Something Wicked This Way Comes

About six months ago, in all seriousness, I turned to my friend Bryant and said: "I really need to start reading more science fiction."  Over the past several weeks (since being in Roswell), I have been trying to track down a copy of Ray Bradbury's I Sing the Body Electric! to no avail.  Well, when I saw the news of Bradbury's passing--on Venus' transit of the sun no doubt--I had to go out and settle for a different collection of his short stories: The Golden Apples of the Sun (pictured above).

From Ray's website:  
Throughout his life, Bradbury liked to recount the story of meeting a carnival magician, Mr. Electrico, in 1932. At the end of his performance Electrico reached out to the twelve-year-old Bradbury, touched the boy with his sword, and commanded, Live forever! Bradbury later said, "I decided that was the greatest idea I had ever heard. I started writing every day. I never stopped."
Also, with this blog I'd like to think that I'm following his advice: "Write a short story every week. It's not possible to write 52 bad short stories in a row."

05 June 2012

Appalachian State

File:Map of Tennessee highlighting Former State of Franklin.png

I spent a fair portion of today driving through what was once the Free Republic of Franklin, a portion of present-day East Tennessee ceded to the federal government as a payment for war debt stemming from the American Revolution.  Turns out, the government didn't want it, at least not as a state; the vote to accept Franklin as the 14th state failed by two votes.  Spurned, the people of the Appalachians decided that maybe they didn't want to be part of this new-fangled United States anyway, and so seceded from the one year-old nation and operated independently for about four years (1784-1788).  The most famous Franklonian? None other than Mr. David Crockett, born in 1786 smack dab in the middle of Franklin.      

Way Down Yonder at Cataloochee

It was a perfect day, driving a winding dirt backroad to Cataloochee, North Carolina.  Ol' Catalooch (as I heard it dubbed by the son of a former inhabitant) was once a not-quite-thriving little valley community in what is now part and parcel of Great Smoky Mountains National Park.  In the 20s the government bought out the inhabitants and replaced them with elk and pine trees, leaving only a few tattered homes and a handful of invariably white clapboard churches--one each for the Methodists and Presbyterians, and at least two for the Baptists.  Once a year, the Park Service opens up the road to the families of the Cataleeches to have a reunion of sorts, which happened to be this weekend as luck would have it.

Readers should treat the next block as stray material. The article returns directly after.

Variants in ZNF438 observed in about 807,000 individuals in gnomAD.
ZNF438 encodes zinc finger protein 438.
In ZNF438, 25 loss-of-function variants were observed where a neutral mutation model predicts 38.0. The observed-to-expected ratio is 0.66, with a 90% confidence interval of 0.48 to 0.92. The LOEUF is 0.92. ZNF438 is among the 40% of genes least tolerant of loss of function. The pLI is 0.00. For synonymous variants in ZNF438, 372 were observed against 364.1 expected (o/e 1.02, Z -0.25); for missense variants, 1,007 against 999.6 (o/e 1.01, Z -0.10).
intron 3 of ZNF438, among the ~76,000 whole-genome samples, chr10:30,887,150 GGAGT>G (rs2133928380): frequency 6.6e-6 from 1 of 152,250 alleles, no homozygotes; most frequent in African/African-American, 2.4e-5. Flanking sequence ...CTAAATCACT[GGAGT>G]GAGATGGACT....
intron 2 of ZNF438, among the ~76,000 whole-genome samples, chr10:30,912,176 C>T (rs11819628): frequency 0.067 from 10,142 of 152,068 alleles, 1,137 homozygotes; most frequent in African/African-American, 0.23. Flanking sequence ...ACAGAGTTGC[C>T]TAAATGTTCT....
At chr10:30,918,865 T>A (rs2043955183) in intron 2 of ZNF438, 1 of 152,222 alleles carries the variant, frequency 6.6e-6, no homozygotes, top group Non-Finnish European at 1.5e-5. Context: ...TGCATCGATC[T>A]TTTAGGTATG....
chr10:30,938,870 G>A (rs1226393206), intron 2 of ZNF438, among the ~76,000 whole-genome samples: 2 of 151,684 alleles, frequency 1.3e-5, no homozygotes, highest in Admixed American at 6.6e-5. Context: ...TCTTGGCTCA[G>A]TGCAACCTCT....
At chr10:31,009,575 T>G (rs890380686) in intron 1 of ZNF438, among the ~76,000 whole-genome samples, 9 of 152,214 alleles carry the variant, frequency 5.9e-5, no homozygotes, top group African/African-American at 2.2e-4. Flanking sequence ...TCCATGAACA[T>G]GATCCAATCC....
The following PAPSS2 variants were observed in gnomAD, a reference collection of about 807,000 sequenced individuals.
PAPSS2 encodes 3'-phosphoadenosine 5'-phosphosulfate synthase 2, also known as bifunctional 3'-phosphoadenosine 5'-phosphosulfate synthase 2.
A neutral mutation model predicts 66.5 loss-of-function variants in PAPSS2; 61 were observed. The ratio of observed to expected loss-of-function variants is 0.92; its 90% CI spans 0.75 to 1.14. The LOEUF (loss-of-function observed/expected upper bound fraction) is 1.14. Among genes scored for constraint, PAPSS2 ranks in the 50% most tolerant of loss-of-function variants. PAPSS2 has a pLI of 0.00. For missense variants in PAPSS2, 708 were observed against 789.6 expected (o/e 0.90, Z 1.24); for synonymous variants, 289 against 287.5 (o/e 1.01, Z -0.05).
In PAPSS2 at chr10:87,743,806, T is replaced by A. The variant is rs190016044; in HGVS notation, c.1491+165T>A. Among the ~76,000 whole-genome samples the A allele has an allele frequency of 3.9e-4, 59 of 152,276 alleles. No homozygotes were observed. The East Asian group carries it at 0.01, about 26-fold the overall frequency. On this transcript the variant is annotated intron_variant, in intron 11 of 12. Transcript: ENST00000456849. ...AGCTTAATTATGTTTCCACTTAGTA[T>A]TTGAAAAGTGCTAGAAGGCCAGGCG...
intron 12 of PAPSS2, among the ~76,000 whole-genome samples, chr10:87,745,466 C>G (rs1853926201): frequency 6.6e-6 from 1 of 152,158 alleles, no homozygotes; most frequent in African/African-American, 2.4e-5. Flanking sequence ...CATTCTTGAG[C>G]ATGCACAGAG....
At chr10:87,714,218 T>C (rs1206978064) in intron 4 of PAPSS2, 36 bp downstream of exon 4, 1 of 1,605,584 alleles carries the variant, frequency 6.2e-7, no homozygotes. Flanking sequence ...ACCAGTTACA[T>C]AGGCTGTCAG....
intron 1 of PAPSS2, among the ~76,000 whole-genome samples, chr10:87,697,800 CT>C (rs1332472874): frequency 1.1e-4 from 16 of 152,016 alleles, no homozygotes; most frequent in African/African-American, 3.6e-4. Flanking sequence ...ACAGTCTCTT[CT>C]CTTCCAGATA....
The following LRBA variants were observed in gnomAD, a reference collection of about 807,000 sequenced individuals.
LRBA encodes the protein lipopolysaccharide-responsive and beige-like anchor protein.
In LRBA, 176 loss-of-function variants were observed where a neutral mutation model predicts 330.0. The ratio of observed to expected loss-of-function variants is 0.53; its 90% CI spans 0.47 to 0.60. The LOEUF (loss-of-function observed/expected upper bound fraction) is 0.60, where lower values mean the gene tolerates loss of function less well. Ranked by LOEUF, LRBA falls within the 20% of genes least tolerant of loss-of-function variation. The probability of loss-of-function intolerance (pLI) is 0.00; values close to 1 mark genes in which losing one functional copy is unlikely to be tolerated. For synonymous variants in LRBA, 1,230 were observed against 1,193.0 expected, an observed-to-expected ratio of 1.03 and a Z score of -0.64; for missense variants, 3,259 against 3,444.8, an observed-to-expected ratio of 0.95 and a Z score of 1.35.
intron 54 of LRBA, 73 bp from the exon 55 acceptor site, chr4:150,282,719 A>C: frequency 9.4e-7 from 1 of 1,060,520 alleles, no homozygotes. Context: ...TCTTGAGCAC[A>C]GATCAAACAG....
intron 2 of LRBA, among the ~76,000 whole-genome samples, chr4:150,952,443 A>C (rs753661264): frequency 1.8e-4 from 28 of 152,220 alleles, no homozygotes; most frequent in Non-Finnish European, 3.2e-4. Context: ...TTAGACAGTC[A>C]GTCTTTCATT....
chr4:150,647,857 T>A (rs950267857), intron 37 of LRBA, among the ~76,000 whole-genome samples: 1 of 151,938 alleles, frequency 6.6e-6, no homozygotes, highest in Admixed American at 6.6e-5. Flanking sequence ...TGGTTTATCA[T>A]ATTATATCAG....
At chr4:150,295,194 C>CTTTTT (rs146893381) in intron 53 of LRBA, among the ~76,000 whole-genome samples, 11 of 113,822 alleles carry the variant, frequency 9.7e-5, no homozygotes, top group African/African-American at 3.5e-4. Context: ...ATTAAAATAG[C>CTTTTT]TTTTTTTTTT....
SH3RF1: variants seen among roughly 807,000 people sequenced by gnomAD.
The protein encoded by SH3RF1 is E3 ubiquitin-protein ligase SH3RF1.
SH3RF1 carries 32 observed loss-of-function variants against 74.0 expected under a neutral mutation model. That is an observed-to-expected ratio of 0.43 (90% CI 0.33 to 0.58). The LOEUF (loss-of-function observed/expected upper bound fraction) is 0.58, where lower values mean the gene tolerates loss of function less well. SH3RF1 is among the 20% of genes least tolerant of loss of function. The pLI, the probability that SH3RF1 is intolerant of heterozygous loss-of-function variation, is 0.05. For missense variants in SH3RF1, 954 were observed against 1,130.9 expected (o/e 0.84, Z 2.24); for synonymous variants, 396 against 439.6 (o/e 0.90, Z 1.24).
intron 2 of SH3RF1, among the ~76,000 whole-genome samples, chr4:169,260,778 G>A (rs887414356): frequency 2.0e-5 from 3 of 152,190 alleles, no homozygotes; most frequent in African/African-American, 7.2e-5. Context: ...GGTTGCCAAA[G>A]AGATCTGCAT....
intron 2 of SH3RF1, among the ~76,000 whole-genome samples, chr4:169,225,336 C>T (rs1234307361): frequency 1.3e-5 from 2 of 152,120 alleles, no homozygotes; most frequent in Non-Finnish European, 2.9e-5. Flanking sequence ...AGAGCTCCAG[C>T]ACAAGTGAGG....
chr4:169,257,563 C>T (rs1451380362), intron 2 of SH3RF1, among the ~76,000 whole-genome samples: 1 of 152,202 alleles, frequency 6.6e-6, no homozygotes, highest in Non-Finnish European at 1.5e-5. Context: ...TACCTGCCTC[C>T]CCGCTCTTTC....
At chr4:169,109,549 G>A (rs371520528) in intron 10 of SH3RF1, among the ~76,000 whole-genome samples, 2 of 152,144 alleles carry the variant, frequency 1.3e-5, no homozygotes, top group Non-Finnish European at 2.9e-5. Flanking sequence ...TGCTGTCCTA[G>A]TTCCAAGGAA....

While I was wending my way through hardwoods to How-Green-Was-My-Valley, I flipped the radio on to Prairie Home Companion, which was being broadcast from--wouldn't you guess it--North Carolina.  This is what I heard:

Road Trip, Week 3: Seattle

Sometimes I have a hard time writing about deeply emotional things, or tend to gloss over some of the life's more difficult events in my blog. This, however, is too important to leave out: I spent the third week of my vacation back in Seattle attending the funeral of my friends' infant son, Isaac Bryant Anderson Casteel.  I will defer to Bryant's blog post for details. 

03 June 2012

Road Trip, Week 4: The South

View Larger Map

  • Driving Tunes: All country, all the time (with lots of Willie Nelson)
  • Books: The Help -Kathryn Stockett;  Treasure Island -Robert Louis Stevenson;  And There Was Light -Jacques Lusseyran
  • Wildlife: Turtles, a 15-foot gator, dolphins
  • Food: A 22-dish meal at The Wilkes House, which rightly made the cut in 1,000 Places to See Before You Die, fried catfish, fried green tomatoes, fried plantains, a deep-fried Moon Pie (are you sensing a theme here); an old-fashioned cream soda float; 35 flavors of Coke; a peanut butter and banana sandwich in honor of the King
  • Sights that didn't quite make the blog: Tennessee's rolling hills, the Nashville music scene, Savannah's sleepy squares, Bonaventure Cemetery mossy macabre; Charleston's plantation homes and gardens; Fort Sumter in all it's tiny glory;  the Double-A Asheville Tourists/Moonshiners bringing my home team record up to 4-0 for this trip      
  • Friends: Nathan and Hope Wertz; Linda, Mark, and Sam Shaw